“Where is G-d?”

Friday, 16 February, 2018 - 5:21 am

Elliot Lasky was just another one of those young people who were searching for themselves at the beginning of the 1970’s in the United States – in a variety of places. He thought he would find answers in music, but even after he had spent the summer of 1972 on a two-month, cross-country tour of the Rolling Stones, he was still searching.

And so, he found himself on one freezing day in the middle of the winter of 1973, standing on the steps of the famous red-brick 770 building in Brooklyn, the world center of Chabad, waiting for the Lubavitcher Rebbe.

At the time he was sporting a beard and shoulder-length hair, and was wearing snakeskin boots, jeans and a leather jacket. He approached the Rebbe, who had just gotten out of his car. Using the Yiddish that he knew from home, he asked the Rebbe: “Excuse me, are you the Lubavitcher Rebbe?” And thus started a fifteen-minute conversation, which he describes as being life-changing.

Elliot cries when he remembers the Rebbe’s eyes. “Our eyes were locked. I have never seen eyes like that.”

“I have a question,” he said to the Rebbe. “Where is G-d?” “Everywhere,” replied the Rebbe. “I know,” said Elliot, “but where?” Again, the Rebbe answered, “Everywhere. In the tree, in a stone, everywhere.” “I know,” repeated Elliot, their eyes still locked, feeling that the physical world around them had ceased to exist. “I know, but where is he?” “In your heart,” answered the Rebbe. “G-d is in your heart.”

“And they will make me a sanctuary, and I will dwell in them,” said Hashem to Bnei Yisrael in this week’s parasha. “In them” – Hashem wishes to dwell inside Bnei Yisrael, in the heart of each and every one of us. How does one do this? How does one build a personal, private Beit Mikdash inside ourselves, in our hearts?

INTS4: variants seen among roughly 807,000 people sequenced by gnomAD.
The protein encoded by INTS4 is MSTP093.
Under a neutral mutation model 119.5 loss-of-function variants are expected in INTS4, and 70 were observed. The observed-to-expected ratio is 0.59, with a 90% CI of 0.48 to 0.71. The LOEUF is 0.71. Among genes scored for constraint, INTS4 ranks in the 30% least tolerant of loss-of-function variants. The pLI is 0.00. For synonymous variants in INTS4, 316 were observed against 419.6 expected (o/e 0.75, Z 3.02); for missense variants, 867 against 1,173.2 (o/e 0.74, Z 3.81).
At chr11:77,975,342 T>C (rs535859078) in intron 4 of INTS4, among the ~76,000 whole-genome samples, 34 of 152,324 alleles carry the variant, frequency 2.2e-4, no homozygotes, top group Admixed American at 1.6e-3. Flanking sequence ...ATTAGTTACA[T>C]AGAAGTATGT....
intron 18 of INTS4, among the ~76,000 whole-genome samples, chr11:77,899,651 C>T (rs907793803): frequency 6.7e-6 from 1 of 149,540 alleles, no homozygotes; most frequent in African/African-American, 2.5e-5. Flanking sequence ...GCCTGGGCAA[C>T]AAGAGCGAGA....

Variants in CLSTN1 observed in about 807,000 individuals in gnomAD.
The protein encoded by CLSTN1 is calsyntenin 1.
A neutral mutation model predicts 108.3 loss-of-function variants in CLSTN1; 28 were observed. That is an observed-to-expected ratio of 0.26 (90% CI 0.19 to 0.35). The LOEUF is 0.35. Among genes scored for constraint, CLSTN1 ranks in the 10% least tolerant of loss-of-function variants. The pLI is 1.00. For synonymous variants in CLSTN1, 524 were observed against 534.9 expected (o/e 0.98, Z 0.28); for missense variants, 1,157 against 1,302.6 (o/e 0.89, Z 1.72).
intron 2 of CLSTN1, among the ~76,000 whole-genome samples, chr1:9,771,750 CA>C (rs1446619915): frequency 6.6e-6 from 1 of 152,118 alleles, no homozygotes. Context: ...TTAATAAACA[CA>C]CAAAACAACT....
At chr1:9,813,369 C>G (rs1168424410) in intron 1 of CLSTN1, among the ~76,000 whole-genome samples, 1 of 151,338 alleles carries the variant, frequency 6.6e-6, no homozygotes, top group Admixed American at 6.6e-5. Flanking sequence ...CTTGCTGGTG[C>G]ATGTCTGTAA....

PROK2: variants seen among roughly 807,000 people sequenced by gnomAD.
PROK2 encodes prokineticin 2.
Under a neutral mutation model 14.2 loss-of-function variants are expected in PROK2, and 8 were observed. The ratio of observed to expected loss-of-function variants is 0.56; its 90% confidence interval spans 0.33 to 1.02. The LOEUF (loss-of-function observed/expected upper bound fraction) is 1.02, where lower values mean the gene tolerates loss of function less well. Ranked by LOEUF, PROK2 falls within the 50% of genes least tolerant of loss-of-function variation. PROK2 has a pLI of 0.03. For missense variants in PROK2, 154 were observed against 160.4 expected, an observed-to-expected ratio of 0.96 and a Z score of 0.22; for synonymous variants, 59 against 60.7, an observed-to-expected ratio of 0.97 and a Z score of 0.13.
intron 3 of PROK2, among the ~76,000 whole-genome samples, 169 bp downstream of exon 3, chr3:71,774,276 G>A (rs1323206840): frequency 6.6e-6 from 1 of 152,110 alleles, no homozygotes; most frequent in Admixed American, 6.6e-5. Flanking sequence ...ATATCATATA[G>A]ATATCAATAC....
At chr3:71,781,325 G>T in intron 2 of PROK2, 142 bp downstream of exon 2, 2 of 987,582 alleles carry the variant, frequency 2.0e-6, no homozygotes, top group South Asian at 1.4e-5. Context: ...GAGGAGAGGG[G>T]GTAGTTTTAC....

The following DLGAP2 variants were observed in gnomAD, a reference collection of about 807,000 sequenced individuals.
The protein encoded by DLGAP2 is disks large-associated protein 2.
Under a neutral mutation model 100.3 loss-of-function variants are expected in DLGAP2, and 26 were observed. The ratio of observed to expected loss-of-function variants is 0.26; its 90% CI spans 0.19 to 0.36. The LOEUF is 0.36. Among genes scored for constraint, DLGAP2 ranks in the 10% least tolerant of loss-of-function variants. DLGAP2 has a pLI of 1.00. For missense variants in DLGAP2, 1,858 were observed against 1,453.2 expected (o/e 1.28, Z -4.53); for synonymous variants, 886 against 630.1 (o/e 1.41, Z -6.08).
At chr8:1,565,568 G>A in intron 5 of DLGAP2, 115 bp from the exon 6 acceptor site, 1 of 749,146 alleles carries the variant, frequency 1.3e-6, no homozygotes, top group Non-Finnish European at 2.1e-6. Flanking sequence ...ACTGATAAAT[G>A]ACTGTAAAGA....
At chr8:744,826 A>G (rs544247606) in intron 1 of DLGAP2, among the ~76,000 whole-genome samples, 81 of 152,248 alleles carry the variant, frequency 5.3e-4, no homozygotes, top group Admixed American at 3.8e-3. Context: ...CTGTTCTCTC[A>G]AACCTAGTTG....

This is what the Rebbe writes in a talk for parashat Terumah: “When a person makes a sanctuary  from his material possessions for Hashem – learns Torah and observes the mitzvot and brings holiness into mundane matters and non-obligatory things – Hashem dwells within him.”

Elliot Lasky stood with the Rebbe in front of a shul and a beit midrash, but when he asked where G-d is, the answer was not “Here, behind you, in the shul.” The answer was: “Everywhere. In the tree and the stone. In everything, and yes, of course, in your heart as well.”

Hashem and the Torah don’t belong only in the beit knesset and the beit midrash. We must find the way to sanctify our daily life – including work and travel, meals and business discussions. It might seem difficult at first, but it is really very simple. When a person believes and knows that G-d is really everywhere, he will know how to sanctify the time and place in which he is operating.


Shabbat Shalom,


Rabbi Zalmen Wishedski

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